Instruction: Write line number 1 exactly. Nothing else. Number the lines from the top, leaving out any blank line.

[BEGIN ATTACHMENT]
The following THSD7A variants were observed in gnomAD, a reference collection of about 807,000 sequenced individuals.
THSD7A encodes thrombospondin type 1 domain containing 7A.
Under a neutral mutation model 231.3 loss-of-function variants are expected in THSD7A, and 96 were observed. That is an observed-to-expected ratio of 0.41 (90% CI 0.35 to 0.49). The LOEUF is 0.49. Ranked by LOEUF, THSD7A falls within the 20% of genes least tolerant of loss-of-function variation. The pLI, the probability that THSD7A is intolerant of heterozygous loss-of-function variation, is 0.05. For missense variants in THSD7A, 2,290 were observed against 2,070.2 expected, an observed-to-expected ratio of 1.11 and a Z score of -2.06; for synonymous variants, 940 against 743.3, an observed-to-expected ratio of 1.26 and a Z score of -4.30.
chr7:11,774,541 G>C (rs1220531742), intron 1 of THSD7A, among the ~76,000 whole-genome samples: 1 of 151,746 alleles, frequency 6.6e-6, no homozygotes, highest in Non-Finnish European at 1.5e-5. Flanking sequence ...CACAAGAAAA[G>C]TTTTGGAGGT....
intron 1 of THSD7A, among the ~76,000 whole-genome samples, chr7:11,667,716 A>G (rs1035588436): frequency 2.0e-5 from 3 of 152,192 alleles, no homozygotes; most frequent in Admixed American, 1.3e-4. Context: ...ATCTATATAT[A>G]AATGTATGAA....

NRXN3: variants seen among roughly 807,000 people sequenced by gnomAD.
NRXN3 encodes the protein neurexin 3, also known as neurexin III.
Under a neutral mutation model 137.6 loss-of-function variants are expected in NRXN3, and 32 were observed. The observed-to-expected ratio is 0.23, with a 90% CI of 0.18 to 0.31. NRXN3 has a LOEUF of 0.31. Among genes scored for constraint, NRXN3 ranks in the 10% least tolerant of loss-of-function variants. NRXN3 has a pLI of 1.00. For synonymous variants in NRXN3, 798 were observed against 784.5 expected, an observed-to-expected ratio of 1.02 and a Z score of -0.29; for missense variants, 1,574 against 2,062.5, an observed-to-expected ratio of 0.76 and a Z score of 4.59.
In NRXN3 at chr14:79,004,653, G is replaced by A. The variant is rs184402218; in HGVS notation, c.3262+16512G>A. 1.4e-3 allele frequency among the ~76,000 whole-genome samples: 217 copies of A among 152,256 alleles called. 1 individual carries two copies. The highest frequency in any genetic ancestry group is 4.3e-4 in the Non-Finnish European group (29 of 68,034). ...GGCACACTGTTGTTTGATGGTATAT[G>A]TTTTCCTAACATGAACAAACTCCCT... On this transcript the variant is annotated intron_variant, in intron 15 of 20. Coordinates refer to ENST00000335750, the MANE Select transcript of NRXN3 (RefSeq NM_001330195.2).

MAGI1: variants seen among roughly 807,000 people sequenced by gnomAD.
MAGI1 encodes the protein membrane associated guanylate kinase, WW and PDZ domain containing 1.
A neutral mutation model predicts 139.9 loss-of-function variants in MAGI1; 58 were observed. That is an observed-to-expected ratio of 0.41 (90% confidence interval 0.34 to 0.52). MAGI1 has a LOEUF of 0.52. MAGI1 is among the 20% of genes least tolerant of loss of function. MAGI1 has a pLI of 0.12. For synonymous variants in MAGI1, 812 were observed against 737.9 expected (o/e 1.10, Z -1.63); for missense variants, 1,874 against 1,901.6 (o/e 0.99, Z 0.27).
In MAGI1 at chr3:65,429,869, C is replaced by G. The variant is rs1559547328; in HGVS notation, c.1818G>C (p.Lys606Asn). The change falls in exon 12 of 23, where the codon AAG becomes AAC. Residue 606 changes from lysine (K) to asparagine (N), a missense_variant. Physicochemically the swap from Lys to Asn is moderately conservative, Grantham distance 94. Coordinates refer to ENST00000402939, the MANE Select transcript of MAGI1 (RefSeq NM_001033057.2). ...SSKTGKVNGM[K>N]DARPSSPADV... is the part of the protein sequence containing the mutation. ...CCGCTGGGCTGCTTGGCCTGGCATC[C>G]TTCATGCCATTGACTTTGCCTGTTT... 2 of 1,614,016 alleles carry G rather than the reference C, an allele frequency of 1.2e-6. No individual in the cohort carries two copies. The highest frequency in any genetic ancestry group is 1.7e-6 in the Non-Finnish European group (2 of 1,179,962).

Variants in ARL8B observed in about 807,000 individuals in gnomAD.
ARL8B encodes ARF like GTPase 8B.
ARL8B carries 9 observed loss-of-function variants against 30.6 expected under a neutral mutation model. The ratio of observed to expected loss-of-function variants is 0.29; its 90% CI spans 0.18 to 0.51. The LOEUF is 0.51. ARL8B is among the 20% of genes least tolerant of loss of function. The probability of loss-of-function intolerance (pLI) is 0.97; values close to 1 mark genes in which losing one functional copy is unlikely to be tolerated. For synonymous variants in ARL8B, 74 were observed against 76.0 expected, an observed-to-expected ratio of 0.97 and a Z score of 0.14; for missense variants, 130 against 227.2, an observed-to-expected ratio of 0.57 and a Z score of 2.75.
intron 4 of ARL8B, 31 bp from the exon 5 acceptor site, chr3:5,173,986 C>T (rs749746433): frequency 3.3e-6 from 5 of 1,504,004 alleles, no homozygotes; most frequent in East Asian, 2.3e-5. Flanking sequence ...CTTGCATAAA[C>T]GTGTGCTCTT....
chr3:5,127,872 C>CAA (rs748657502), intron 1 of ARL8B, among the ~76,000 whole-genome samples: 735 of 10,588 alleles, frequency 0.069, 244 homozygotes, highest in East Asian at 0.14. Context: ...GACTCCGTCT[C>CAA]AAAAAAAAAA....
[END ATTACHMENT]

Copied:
The following THSD7A variants were observed in gnomAD, a reference collection of about 807,000 sequenced individuals.